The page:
Whoever bought this bottle obviously didn't buy it to drink. It will sit on a shelf somewhere in someone's collection, likely next to a complete set of other Sine Qua Non wines. This bottle was the equivalent of the 1952 Mickey Mantle baseball card.

But unlike baseball cards, which have no other value or meaning apart from being collectible, wine has another purpose. I've tasted a bottle of Krankl's rosé, which I recall not caring for very much. But irrespective of how I felt about that wine, or any other Sine Qua Non wines, they are made to be consumed, and achieve whatever potential and intent their maker had in that moment of consumption.

Treating wine as a trophy is sad.



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Author: "--" Tags: "Ramblings and Rants"
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Date: Friday, 23 May 2014 05:23

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On Saturday May 17th, 2014, wine writer Tim Patterson died of complications from brain cancer following surgery to remove a brain tumor. Regular readers will know that Tim was the co-editor of the book review section here on Vinography, and author of a good share of the book reviews that were posted on Vinography.

In fact, the whole idea to review wine books on Vinography was Tim's idea. We met several years ago at the Symposium for Professional Wine Writers, and he proposed the idea to me over a glass of Zinfandel.

Our irregular collaboration over the past few years was a great source of pleasure for me, and more than a little humor. Tim possessed a sharp and very sly wit, as well as an excellent ear for prose, as his last review of a couple of wine and food pairing books so beautifully demonstrates.

Tim's writing on Vinography was almost certainly the most inconsequential part of his substantial body of work, which included regular columns in Wines & Vines, and the widely praised Home Winemaking for Dummies, among many other bylines.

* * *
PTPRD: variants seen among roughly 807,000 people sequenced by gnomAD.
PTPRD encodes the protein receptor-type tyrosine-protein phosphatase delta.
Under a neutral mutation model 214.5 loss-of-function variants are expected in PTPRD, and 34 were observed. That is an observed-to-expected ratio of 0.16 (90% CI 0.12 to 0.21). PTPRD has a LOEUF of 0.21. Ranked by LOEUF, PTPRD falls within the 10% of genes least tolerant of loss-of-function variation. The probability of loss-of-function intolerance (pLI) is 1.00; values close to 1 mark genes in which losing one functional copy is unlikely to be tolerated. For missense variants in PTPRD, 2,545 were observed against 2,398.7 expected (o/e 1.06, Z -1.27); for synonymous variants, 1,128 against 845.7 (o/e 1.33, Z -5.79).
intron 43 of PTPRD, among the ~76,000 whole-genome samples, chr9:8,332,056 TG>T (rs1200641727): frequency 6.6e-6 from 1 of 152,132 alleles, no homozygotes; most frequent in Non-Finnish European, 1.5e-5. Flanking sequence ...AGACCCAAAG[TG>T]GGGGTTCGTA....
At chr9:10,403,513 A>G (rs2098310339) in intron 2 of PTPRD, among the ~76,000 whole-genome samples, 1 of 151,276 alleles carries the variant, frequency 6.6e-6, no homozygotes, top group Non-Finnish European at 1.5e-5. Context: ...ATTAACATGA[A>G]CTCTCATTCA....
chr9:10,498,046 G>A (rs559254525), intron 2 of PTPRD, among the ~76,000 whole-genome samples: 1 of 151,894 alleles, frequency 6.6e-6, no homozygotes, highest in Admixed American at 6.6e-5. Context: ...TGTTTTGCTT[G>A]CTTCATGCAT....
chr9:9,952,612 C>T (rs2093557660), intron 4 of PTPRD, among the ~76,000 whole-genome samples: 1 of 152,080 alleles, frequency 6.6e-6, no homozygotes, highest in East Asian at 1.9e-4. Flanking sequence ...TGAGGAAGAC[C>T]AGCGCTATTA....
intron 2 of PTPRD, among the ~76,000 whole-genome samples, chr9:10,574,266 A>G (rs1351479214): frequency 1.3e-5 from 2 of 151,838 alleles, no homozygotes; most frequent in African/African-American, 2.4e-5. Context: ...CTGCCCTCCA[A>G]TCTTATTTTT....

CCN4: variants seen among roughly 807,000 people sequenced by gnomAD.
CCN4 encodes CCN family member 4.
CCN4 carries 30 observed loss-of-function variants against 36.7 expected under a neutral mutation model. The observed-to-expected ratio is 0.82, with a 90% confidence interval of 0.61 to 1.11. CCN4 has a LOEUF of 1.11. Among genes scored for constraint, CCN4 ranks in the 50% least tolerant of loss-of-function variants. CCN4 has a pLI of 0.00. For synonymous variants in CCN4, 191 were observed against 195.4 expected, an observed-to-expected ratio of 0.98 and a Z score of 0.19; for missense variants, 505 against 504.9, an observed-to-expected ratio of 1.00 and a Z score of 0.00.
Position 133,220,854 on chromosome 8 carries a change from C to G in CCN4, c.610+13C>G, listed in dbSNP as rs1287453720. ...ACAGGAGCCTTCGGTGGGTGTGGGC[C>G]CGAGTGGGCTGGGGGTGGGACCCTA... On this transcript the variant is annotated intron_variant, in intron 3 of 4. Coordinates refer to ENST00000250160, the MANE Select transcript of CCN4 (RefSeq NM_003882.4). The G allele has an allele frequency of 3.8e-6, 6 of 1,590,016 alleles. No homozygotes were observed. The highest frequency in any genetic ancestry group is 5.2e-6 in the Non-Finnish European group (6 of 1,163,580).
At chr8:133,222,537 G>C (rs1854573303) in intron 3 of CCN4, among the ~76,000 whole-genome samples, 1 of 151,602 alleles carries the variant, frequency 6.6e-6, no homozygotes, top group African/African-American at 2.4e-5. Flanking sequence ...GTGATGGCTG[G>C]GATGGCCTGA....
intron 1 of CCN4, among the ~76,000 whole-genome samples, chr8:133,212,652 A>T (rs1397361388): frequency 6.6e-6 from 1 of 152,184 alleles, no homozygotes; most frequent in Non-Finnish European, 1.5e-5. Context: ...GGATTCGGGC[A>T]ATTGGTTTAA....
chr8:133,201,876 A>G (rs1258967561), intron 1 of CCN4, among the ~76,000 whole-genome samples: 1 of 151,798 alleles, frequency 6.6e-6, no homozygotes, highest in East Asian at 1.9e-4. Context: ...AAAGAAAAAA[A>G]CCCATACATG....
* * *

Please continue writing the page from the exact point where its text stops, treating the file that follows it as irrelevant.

Tim's garage wines were well known among the community of Bay Area wine writers, and many of us got a chance to sample them each year at the Wine Writer's Symposium, often with pleasure. His yearly bottling parties were all but legendary.

I knew Tim's health wasn't so great, but his death came as quite a shock to me this week, and I sorely regret the fact that I did not have the opportunity to say goodbye to someone I considered to be a truly wonderful human being, and was happy to call a friend.

Tim was remembered by several others this week, including his editor at Wines & Vines, Jim Gordon, and his friend and fellow writer Frances Dinkelspiel, from whom I've stolen this lovely image of Tim above. I encourage you to read both of their pieces, which speak better than I can about his full career.

Goodbye friend. Enjoy the endless harvest.



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Author: "--" Tags: "Ramblings and Rants"
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Date: Thursday, 22 May 2014 04:29

I consider it a fact, and a welcome one, that we have reached a point in American wine culture where pink wines, and the people that willingly drink them are no longer stigmatized. No longer do most men find their masculinity threatened by a nice glass of rosé, nor do most people assume that if you're drinking something pink, it must be white la-nuit-en-rose-logo-website.pngZinfandel.

Quite the opposite, in fact. Rosé consumption in this country has been skyrocketing, with sales growing in the double digits every year for the past five or six years. Ironically, while much of the acceptance for pink wines has come through the efforts of American advocates, most of the good rosé being sold on these shores comes from elsewhere.

But no matter. People have discovered the joys of pale pink wine, and that is most important, especially as we head into warmer weather.

Which brings us to an event called La Nuit en Rosé, which sounds pretty much like the best think to happen on the Hudson River in quite some time.

On June 13th and 14th, a swanky ship will be departing for a four hour cruise past the stunning Manhattan skyline. On board will be 85 different rosés, oysters, appetizers, pastries, live music, and beautiful people.

What's not to love?